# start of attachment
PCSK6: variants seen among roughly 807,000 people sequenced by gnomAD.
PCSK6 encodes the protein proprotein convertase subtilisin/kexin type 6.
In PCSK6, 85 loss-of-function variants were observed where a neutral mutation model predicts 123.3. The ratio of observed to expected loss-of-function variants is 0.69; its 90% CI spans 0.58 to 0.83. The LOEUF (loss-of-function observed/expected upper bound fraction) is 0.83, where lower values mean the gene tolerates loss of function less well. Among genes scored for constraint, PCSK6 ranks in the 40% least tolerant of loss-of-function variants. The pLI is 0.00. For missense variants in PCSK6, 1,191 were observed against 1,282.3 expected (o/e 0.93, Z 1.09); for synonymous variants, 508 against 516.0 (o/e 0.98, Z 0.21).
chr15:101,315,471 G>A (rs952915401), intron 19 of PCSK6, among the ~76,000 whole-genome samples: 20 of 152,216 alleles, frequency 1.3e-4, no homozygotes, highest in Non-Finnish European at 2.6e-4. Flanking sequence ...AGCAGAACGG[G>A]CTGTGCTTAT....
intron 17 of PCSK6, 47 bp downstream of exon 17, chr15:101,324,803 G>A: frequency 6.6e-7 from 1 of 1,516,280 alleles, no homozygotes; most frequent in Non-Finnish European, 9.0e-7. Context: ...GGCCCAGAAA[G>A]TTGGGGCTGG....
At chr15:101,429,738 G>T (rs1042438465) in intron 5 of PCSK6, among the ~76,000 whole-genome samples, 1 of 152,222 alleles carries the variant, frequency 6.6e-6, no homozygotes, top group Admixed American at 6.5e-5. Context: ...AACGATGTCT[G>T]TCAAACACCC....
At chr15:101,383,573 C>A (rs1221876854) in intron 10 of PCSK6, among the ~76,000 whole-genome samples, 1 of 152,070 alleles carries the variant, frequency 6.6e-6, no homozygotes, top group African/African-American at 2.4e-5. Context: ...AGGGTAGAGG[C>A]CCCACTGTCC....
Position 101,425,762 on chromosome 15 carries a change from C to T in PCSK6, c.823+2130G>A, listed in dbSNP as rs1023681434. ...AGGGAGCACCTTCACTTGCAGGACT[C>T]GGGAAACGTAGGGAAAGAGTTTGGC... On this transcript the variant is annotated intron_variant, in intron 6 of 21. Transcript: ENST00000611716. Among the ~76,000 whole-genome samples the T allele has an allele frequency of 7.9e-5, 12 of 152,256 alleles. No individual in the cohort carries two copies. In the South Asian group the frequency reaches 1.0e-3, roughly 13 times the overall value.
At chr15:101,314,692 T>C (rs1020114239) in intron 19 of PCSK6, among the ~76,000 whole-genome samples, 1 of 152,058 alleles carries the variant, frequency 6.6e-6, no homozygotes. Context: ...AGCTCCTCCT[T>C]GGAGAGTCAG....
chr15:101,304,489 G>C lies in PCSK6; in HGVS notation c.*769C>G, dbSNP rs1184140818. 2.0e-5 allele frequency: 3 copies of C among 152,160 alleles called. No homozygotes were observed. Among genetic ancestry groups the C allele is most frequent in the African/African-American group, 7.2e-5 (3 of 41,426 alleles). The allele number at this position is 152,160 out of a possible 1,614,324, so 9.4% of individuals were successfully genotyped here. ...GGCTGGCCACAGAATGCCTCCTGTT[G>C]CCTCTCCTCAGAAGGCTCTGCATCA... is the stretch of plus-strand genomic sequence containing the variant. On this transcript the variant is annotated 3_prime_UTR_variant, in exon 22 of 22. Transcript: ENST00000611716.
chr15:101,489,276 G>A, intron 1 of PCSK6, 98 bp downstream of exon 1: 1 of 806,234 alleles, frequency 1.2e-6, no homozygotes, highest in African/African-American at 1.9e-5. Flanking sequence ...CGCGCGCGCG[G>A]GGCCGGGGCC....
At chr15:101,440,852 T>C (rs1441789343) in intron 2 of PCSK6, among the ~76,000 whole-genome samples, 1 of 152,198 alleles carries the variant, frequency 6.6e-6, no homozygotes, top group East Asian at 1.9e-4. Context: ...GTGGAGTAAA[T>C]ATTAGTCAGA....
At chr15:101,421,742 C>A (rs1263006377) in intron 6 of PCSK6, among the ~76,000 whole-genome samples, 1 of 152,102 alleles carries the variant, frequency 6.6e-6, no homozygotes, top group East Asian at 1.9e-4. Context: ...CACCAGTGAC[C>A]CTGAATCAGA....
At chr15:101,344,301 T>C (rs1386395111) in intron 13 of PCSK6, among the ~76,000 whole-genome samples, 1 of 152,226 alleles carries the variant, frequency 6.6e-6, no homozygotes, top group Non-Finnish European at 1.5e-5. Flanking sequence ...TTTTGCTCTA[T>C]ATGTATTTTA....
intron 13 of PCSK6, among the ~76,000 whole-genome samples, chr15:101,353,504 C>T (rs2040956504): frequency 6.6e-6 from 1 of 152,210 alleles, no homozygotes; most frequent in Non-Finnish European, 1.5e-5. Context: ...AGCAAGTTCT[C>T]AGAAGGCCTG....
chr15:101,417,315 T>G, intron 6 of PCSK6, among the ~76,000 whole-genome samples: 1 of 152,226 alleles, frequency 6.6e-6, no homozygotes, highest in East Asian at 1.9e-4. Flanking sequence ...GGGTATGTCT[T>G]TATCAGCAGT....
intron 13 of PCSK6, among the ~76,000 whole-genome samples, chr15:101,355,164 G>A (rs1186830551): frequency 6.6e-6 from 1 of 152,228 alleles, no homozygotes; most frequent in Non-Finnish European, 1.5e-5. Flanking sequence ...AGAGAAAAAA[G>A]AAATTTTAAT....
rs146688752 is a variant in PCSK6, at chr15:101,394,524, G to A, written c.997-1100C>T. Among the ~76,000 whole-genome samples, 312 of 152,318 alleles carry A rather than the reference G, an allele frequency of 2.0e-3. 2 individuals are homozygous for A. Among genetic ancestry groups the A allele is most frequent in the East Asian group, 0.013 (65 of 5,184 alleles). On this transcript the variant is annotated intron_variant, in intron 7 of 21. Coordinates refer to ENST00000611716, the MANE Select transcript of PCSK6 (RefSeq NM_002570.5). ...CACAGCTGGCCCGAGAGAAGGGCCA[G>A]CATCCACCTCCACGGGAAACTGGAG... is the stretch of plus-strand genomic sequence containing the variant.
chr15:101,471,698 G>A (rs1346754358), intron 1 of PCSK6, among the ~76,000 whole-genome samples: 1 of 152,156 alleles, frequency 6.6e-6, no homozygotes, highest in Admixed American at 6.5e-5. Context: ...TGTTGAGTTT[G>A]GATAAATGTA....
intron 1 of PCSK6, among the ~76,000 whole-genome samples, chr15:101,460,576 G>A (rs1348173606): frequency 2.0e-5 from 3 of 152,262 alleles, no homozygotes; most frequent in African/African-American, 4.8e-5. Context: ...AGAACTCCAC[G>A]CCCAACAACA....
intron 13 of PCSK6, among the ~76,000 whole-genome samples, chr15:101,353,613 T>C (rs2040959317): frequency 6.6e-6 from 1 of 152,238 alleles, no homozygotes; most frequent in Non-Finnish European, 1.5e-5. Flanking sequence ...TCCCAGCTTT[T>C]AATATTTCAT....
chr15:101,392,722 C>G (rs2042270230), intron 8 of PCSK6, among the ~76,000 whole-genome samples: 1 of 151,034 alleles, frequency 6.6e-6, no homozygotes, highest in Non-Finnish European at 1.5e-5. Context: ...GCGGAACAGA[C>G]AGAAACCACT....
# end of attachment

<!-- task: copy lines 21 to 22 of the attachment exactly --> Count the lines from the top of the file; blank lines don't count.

intron 13 of PCSK6, among the ~76,000 whole-genome samples, chr15:101,353,613 T>C (rs2040959317): frequency 6.6e-6 from 1 of 152,238 alleles, no homozygotes; most frequent in Non-Finnish European, 1.5e-5. Flanking sequence ...TCCCAGCTTT[T>C]AATATTTCAT....
chr15:101,392,722 C>G (rs2042270230), intron 8 of PCSK6, among the ~76,000 whole-genome samples: 1 of 151,034 alleles, frequency 6.6e-6, no homozygotes, highest in Non-Finnish European at 1.5e-5. Context: ...GCGGAACAGA[C>G]AGAAACCACT....